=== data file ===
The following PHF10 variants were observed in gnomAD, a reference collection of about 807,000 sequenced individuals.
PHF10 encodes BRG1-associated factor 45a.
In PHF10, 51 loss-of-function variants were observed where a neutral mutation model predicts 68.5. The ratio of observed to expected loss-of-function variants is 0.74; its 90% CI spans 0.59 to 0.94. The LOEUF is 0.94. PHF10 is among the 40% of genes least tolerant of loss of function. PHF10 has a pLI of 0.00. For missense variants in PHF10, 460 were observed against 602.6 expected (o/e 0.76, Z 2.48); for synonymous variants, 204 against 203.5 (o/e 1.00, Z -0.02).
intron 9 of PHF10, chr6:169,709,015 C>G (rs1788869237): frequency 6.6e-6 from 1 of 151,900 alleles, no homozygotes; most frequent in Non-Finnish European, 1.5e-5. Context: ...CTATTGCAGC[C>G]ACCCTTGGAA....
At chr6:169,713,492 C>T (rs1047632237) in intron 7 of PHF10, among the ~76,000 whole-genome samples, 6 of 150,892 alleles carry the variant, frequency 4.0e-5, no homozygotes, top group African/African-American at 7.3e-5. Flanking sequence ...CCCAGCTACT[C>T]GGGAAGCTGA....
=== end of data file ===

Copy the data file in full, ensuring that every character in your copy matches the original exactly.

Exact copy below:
The following PHF10 variants were observed in gnomAD, a reference collection of about 807,000 sequenced individuals.
PHF10 encodes BRG1-associated factor 45a.
In PHF10, 51 loss-of-function variants were observed where a neutral mutation model predicts 68.5. The ratio of observed to expected loss-of-function variants is 0.74; its 90% CI spans 0.59 to 0.94. The LOEUF is 0.94. PHF10 is among the 40% of genes least tolerant of loss of function. PHF10 has a pLI of 0.00. For missense variants in PHF10, 460 were observed against 602.6 expected (o/e 0.76, Z 2.48); for synonymous variants, 204 against 203.5 (o/e 1.00, Z -0.02).
intron 9 of PHF10, chr6:169,709,015 C>G (rs1788869237): frequency 6.6e-6 from 1 of 151,900 alleles, no homozygotes; most frequent in Non-Finnish European, 1.5e-5. Context: ...CTATTGCAGC[C>G]ACCCTTGGAA....
At chr6:169,713,492 C>T (rs1047632237) in intron 7 of PHF10, among the ~76,000 whole-genome samples, 6 of 150,892 alleles carry the variant, frequency 4.0e-5, no homozygotes, top group African/African-American at 7.3e-5. Flanking sequence ...CCCAGCTACT[C>T]GGGAAGCTGA....